Assessing patients with symptoms

Symptoms in migrants should be assessed as for non-migrant patients; however, where infectious disease is suspected the differential diagnosis should not only include infections commonly acquired in the UK, but also those that may occur in their country of origin. Migrants may present with infectious diseases on first arrival to the UK or following subsequent return visits to their home country after visiting friends and relatives (VFR). Healthcare practitioners should remain vigilant for this and investigate and manage appropriately. 

The following algorithms aim to assist the primary care practitioner in initial management of symptomatic migrant patients. They have been taken or adapted from those used in the UK Yellow Book [external link] 'Health Information for Overseas Travel' which has been produced by the National Travel Health Network and Centre for the initial management of returning travellers. Early referral to a specialist centre for advice and management is essential for those practitioners with little or no experience in managing infectious diseases acquired abroad. To find your local infectious disease specialists please see NHS choices [external link]

Dermatology algorithm (PDF, 16 KB)

Diarrhoea algorithm (PDF, 41 KB)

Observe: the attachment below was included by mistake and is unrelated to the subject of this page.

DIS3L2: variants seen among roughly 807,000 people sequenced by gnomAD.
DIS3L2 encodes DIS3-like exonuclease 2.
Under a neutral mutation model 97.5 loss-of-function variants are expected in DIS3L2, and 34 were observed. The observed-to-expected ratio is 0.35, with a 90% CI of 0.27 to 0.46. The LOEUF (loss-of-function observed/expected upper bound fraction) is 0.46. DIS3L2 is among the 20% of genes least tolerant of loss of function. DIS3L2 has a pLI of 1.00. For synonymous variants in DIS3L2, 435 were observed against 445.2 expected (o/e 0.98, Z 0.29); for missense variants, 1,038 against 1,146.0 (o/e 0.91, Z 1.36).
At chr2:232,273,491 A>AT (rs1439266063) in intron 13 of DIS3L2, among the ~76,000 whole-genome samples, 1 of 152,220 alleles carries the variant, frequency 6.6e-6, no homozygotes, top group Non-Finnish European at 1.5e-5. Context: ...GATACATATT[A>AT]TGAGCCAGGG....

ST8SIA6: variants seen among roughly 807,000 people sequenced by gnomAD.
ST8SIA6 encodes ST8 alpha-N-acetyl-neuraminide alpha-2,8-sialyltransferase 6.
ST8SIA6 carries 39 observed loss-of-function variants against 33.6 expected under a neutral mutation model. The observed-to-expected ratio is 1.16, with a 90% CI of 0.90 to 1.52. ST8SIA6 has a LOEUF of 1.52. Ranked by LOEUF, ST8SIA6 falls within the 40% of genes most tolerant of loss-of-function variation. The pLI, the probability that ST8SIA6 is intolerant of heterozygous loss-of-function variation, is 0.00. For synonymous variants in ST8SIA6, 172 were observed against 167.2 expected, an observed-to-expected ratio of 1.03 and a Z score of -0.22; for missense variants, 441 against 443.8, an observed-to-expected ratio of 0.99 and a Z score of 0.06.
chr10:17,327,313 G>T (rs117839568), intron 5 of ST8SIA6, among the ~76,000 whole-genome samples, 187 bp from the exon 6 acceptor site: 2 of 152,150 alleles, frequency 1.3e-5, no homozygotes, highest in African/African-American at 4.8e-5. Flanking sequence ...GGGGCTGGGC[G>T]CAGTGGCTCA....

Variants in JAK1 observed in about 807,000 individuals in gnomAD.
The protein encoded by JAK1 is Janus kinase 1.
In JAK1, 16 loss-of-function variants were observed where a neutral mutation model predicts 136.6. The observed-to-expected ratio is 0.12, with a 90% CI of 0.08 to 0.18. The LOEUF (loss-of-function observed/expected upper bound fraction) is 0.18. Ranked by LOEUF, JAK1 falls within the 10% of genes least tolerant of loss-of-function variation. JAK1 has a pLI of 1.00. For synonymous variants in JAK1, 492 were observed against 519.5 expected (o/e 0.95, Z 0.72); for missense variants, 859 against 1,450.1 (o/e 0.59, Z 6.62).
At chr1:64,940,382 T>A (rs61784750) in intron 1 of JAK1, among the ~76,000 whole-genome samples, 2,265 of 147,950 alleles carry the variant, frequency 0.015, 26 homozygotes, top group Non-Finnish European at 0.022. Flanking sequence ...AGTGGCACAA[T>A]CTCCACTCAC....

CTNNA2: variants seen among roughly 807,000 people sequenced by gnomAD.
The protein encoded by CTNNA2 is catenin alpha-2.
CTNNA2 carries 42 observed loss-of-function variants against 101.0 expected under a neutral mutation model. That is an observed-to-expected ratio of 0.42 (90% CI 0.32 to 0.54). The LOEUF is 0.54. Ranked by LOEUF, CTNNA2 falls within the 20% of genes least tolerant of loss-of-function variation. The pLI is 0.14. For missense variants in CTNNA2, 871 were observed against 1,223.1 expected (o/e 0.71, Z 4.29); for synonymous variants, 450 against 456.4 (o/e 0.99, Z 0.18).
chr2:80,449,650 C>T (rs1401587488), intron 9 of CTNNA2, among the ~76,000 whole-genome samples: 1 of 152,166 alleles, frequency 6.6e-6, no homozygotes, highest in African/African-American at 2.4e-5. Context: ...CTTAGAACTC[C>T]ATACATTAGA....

Eosinophilia algorithm (PDF, 51 KB)

Fever algorithm (PDF, 28 KB)

Respiratory diseases algorithm (PDF, 22 KB)

Schistosomiasis algorithm (PDF, 26 KB)

Note 1. A patient with a febrile illness who has arrived from or travelled to a malarious area must be urgently assessed for malaria. Malaria can be rapidly fatal if the diagnosis is delayed. Since 2005, the annual number of cases of imported malaria in the UK has been approximately 1,500. Those visiting friends and relatives accounted for more than 70% of cases. The majority of patients diagnosed with malaria in the UK have not taken chemoprophylaxis.

Algorithm for the Initial Assessment and Management of Malaria in Adults

Note 2. Eosinophilia in a migrant patient requires further investigation. Those potentially exposed to schistosomiasis should be screened. Helminth infections and strongyloides should be excluded with a concentrated stool examination and strongyloides serology respectively. Other investigations need to be tailored to the country of origin and referral to a specialist centre should be considered.

Note 3. Some migrants or VFR travellers may present to their GP without symptoms, but be concerned that they may have been exposed to one or more infections abroad. Please see the UK Yellow book [external link] for advice on asymptomatic post travel screening.

Note 4. Post-exposure prophylaxis for rabies may be required by migrant patients with a history of an animal bite abroad either before arrival in the UK or during travel to see friends and relatives. Please see the HPA's clinical rabies service guidelines.

Note 5. A searchable database of outbreaks occurring in the world is available on the NaTHNaC [external link] website. This is updated on a daily basis so can provide you with current information about possible infectious hazards.

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